Original Date: 01/27/1997
Revision Date: 01/18/2007
Best Practice : Semiconductor Technology
As a world expert in laser recrystallization and doping of silicon for semiconductor devices, Lawrence Livermore National Laboratory’s (LLNL’s) Advanced Process Development Group has been developing and demonstrating technologies which may replace ion implantation for 0.18-micrometer and below generations of integrated circuits. Those LLNL programs with the greatest potential for quantum-leap impacts in the semiconductor industry include gas immersion laser doping (GILD); poly-silicon electronics on plastic; micron thin crystalline silicon electronics; and two-dimensional ion implant and heat flow modeling.
GILD applies LLNL’s technology base of GILD to shallow junction formation in submicron CMOS integrated circuit processing and low power electronics. GILD has proven to be superior over other doping techniques primarily because of its improved reduction in thermal budgets. The technique is adaptable to a step-and-repeat laser process which can result in the combination of the doping and lithographic processes into one step.
Poly-silicon electronics on plastic applies LLNL’s technology base of low temperature depositions, pulsed laser crystallization, and doping to silicon thin film transistor fabrication on plastic substrates for low-cost, flexible rugged electronics. LLNL’s fabrication techniques produce processing temperatures of less than 100°C on polyester, a laser crystallized channel, and a laser doped source-drain which resulted in thin-film transistor yields of 90% on a four- inch wafer.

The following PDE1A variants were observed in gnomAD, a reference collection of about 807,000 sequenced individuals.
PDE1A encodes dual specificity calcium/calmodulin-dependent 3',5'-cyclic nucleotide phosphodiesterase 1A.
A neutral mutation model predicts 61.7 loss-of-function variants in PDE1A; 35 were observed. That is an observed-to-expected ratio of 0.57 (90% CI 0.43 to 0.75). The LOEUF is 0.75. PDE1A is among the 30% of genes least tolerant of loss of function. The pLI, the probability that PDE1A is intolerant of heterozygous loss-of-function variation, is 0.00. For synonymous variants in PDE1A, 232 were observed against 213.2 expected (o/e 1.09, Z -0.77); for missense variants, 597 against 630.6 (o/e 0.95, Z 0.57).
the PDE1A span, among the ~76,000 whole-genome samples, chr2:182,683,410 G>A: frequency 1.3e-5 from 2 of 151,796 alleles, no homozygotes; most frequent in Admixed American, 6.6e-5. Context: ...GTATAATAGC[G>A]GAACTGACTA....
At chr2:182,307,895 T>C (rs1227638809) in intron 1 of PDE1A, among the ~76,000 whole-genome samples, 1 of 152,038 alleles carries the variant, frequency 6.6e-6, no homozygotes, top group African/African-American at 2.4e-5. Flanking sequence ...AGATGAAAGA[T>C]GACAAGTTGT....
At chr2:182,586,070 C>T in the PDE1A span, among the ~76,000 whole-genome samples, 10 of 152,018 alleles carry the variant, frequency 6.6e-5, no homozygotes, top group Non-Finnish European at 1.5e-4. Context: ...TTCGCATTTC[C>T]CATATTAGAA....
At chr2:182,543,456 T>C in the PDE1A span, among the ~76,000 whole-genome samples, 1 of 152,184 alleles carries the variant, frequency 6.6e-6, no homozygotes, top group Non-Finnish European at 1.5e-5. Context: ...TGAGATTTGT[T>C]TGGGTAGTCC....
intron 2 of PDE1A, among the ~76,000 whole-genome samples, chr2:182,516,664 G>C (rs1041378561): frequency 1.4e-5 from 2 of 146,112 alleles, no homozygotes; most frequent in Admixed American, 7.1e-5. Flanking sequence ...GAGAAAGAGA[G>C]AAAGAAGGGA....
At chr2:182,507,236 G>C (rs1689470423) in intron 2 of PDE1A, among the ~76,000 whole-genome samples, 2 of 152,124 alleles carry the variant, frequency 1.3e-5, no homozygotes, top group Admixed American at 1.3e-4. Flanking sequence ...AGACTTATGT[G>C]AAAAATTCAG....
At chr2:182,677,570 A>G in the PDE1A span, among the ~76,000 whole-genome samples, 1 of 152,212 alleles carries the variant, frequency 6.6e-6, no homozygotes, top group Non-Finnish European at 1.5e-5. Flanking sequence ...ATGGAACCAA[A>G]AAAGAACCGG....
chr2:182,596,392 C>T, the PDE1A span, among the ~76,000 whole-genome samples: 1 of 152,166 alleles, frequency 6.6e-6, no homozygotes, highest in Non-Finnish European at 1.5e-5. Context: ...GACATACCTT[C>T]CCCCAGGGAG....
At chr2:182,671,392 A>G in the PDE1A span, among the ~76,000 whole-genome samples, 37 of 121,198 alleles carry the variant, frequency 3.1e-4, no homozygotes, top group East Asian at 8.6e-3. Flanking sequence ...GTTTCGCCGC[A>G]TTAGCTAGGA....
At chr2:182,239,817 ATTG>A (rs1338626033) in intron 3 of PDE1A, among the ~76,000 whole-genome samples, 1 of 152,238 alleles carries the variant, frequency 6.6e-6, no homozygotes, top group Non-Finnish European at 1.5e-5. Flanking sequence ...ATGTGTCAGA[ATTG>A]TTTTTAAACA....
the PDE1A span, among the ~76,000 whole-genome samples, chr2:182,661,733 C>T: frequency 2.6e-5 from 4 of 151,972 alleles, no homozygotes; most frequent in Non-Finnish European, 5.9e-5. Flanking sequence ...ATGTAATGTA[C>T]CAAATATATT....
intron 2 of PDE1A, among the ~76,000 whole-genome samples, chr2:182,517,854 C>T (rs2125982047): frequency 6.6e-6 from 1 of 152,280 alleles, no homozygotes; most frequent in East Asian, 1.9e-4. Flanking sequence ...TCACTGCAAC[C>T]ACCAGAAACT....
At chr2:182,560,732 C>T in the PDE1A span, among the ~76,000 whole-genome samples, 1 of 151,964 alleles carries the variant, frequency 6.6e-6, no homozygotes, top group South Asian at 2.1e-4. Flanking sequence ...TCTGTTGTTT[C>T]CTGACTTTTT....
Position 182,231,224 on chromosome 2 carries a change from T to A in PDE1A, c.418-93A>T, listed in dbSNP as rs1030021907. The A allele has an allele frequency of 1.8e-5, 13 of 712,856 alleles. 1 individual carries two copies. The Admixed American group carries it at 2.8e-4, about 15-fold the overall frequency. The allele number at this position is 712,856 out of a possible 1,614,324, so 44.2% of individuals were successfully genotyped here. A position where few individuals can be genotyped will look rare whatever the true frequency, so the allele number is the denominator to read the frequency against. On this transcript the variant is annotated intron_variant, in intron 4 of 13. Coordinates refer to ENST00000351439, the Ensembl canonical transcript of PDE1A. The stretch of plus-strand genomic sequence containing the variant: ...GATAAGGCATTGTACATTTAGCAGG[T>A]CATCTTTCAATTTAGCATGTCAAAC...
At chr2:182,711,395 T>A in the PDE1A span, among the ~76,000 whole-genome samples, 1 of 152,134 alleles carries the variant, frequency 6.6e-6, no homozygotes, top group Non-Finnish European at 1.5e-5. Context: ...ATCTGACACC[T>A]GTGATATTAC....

Micron thin crystalline silicon electronics applies LLNL’s technology base of silicon circuit transfer on arbitrary substrates to high-performance flexible silicon and thin electronics on any material. By converting crystalline silicon wafers to flexible circuits on plastic or metal-foil holding substrates, this technology achieves very large scale integration density circuits at low power and light weight. The final product is a robust sheet of micron thin flexible silicon microelectronics.
Two-dimensional implant and heat flow modeling applies LLNL’s technology base of modeling and simulation to focused ion beam machining and GILD two-dimensional, non-equilibrium melting and heat flow. The technology incorporates heat flow data into SUPREM IV; however, the method has not been fully tested. Two-dimensional melt and solidification modeling has had limited testing on a square heat-flow mesh. This modeling has produced laser material interaction from a simple model.
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